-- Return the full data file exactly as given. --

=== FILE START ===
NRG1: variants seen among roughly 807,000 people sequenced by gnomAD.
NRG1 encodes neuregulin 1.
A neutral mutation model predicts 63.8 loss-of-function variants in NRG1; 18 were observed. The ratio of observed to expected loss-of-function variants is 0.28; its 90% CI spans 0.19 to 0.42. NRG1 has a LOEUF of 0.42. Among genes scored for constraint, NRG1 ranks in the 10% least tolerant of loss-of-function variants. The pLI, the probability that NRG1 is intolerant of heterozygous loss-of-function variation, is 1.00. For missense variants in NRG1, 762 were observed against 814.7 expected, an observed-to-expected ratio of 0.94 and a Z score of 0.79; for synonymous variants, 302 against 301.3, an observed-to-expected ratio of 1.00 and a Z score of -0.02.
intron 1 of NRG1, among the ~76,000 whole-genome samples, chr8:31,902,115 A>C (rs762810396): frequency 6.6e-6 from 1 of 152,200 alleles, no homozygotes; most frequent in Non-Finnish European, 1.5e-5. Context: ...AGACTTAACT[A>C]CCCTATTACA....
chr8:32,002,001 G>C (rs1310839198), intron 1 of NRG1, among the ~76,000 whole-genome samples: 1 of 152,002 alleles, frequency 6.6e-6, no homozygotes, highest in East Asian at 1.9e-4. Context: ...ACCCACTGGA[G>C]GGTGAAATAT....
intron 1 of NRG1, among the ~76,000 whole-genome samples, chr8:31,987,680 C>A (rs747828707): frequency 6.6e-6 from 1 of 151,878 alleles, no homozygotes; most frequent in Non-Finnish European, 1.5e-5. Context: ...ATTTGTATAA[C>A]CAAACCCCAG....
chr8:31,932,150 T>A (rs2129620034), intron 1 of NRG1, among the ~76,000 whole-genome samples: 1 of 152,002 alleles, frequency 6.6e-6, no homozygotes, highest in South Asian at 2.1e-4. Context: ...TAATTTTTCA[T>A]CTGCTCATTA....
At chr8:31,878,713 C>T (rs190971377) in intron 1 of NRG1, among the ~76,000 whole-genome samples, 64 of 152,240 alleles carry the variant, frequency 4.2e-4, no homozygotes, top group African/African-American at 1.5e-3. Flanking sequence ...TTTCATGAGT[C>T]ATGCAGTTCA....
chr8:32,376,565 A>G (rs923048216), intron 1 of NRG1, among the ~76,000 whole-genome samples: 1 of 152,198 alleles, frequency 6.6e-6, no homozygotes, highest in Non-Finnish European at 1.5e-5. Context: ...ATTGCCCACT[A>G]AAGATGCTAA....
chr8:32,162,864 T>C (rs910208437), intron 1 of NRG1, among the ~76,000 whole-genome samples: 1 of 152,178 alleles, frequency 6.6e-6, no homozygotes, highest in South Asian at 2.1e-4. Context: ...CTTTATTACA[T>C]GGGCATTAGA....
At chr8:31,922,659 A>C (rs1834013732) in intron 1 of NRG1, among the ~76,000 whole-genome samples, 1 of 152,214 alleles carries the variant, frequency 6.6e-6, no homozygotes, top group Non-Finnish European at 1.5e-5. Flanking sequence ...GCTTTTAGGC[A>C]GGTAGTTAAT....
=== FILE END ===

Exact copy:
NRG1: variants seen among roughly 807,000 people sequenced by gnomAD.
NRG1 encodes neuregulin 1.
A neutral mutation model predicts 63.8 loss-of-function variants in NRG1; 18 were observed. The ratio of observed to expected loss-of-function variants is 0.28; its 90% CI spans 0.19 to 0.42. NRG1 has a LOEUF of 0.42. Among genes scored for constraint, NRG1 ranks in the 10% least tolerant of loss-of-function variants. The pLI, the probability that NRG1 is intolerant of heterozygous loss-of-function variation, is 1.00. For missense variants in NRG1, 762 were observed against 814.7 expected, an observed-to-expected ratio of 0.94 and a Z score of 0.79; for synonymous variants, 302 against 301.3, an observed-to-expected ratio of 1.00 and a Z score of -0.02.
intron 1 of NRG1, among the ~76,000 whole-genome samples, chr8:31,902,115 A>C (rs762810396): frequency 6.6e-6 from 1 of 152,200 alleles, no homozygotes; most frequent in Non-Finnish European, 1.5e-5. Context: ...AGACTTAACT[A>C]CCCTATTACA....
chr8:32,002,001 G>C (rs1310839198), intron 1 of NRG1, among the ~76,000 whole-genome samples: 1 of 152,002 alleles, frequency 6.6e-6, no homozygotes, highest in East Asian at 1.9e-4. Context: ...ACCCACTGGA[G>C]GGTGAAATAT....
intron 1 of NRG1, among the ~76,000 whole-genome samples, chr8:31,987,680 C>A (rs747828707): frequency 6.6e-6 from 1 of 151,878 alleles, no homozygotes; most frequent in Non-Finnish European, 1.5e-5. Context: ...ATTTGTATAA[C>A]CAAACCCCAG....
chr8:31,932,150 T>A (rs2129620034), intron 1 of NRG1, among the ~76,000 whole-genome samples: 1 of 152,002 alleles, frequency 6.6e-6, no homozygotes, highest in South Asian at 2.1e-4. Context: ...TAATTTTTCA[T>A]CTGCTCATTA....
At chr8:31,878,713 C>T (rs190971377) in intron 1 of NRG1, among the ~76,000 whole-genome samples, 64 of 152,240 alleles carry the variant, frequency 4.2e-4, no homozygotes, top group African/African-American at 1.5e-3. Flanking sequence ...TTTCATGAGT[C>T]ATGCAGTTCA....
chr8:32,376,565 A>G (rs923048216), intron 1 of NRG1, among the ~76,000 whole-genome samples: 1 of 152,198 alleles, frequency 6.6e-6, no homozygotes, highest in Non-Finnish European at 1.5e-5. Context: ...ATTGCCCACT[A>G]AAGATGCTAA....
chr8:32,162,864 T>C (rs910208437), intron 1 of NRG1, among the ~76,000 whole-genome samples: 1 of 152,178 alleles, frequency 6.6e-6, no homozygotes, highest in South Asian at 2.1e-4. Context: ...CTTTATTACA[T>C]GGGCATTAGA....
At chr8:31,922,659 A>C (rs1834013732) in intron 1 of NRG1, among the ~76,000 whole-genome samples, 1 of 152,214 alleles carries the variant, frequency 6.6e-6, no homozygotes, top group Non-Finnish European at 1.5e-5. Flanking sequence ...GCTTTTAGGC[A>C]GGTAGTTAAT....